For You or Them?

When I see long, in-depth resumes (and this means three pages or more), I get worried. Why?–because at this length, the resume is more about who you are than what you can do for the employer.

To clarify: The employer, at the time of screening resumes to decide who to interview, does not care who you are.

All the employer cares about when they’re sifting through a pile of resumes is finding out, quickly and concisely, what you can do for them.

Juxtaposed with this is the fact that you need to stand out. You want to show them you’re different. I understand. But is telling them about your kids’ interests truly helpful at this point?

Save that stuff for the interview. That is the time to show them what a warm and wonderful individual you are. On your resume, stick to what you can do for them that makes you different.


1. I have both sales & marketing and production management experience. This makes me stand out to employers, because it means I’ll ‘get’ why and how things happen in different departments within their organization–and how to grease the wheels to ensure they happen more effectively. (If you’ll forgive a gross generalization, in all honesty my perception is this: most people think that they, in their department, work their butt off, and everyone else and especially in every other department is a lazy idiot.) That goes way up top on my resume.

2. I have an interest and training in tarot card reading. This nugget of information has, in fact (I was told so by the person who became my boss for the next four years), helped push the curiosity factor over the edge for the employer to want to meet me. Yet it does nothing to actually help my employer, so it goes at the very end of my resume–if at all.


Your resume is not for you.

It is for employers, to assist them in determining that you are a suitable candidate for them to meet. Employers, like everyone else, are self-interested, and want only to know what you can do for them.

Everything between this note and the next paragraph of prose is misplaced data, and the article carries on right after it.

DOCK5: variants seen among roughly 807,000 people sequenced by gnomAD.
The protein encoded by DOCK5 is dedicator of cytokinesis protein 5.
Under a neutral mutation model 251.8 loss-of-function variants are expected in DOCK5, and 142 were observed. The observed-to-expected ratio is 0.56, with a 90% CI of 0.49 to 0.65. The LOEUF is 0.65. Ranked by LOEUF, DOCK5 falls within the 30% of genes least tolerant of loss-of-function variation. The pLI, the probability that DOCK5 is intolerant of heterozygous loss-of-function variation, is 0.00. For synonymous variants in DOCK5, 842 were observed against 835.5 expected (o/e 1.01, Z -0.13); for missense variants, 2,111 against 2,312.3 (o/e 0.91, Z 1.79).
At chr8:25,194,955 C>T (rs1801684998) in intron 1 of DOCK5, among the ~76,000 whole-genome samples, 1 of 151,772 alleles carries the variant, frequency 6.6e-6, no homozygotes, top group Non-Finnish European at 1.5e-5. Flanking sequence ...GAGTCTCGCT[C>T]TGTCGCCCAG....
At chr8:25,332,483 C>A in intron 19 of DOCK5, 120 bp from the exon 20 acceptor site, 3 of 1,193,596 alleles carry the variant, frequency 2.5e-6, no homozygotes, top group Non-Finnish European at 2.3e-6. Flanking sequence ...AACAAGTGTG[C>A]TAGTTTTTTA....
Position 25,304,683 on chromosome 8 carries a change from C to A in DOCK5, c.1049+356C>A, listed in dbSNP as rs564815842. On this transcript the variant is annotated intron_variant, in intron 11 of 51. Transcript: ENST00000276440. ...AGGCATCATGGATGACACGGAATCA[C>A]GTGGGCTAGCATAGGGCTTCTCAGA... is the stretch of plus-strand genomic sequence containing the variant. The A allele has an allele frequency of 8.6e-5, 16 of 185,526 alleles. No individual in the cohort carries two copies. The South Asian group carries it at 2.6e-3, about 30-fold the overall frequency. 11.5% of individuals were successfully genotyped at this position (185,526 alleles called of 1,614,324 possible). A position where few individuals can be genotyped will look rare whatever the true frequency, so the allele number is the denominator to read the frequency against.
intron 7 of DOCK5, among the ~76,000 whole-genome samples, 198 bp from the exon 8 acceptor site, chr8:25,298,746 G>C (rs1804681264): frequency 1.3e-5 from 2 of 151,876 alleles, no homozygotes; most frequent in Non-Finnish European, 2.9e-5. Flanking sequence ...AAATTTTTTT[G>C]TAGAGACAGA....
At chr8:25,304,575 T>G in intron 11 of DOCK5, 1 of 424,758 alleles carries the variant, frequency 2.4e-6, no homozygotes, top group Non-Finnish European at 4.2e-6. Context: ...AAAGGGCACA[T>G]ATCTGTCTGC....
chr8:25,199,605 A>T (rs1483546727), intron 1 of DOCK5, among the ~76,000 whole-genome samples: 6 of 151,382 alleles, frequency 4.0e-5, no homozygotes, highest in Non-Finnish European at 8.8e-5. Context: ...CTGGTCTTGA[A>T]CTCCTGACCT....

Make sure the prime real estate–the top 1/3 of the first page–of your resume isn’t wasted. Keep it clear. How do you benefit them? Keep the warm and fuzzies for the bottom, or the interview.

If you want expertise to help you get started on a winning resume right now, click here.

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Are You Black Angus?

Hey, I’ve spent the past four days driving through and hanging out in Montana, Idaho and now Utah. And I can tell you one thing: I’ve seen a lot of black bulls.

A Lot.

Fields and fields of black bovines, standing, sitting, chowing, milling. And here’s the observation I’ve made: you can’t tell one from the other.

Sure, they’re all destined to become great steaks, like the one I had in Salt Lake tonight. I’m certain they’re all tasty meat on the hoof. Yet, just like the resumes of most people, there’s nothing to distiguish one from the other. One black bull looks just like another black bull…especially from the highway.

The employers you’re blasting your resume to are seeing it at highway speed. Odds are you look just like another bull: probably a steak that’s as good as any other, but why should they pick you?

Now I don’t want to sound like I’m ripping off Seth Godin, but what do you think would happen if you were driving down the I-15 and saw a neon red bull?

I’ll bet you’d turn to your passenger(s) and point it out. I’ll bet you’d talk about it.

Let’s get a reaction like this happening for you and your resume. If you want expertise to help you get started right now, click here.

Seeking killer job hunting tips for a really low investment? Check out my ebook, “Get Hired FAST!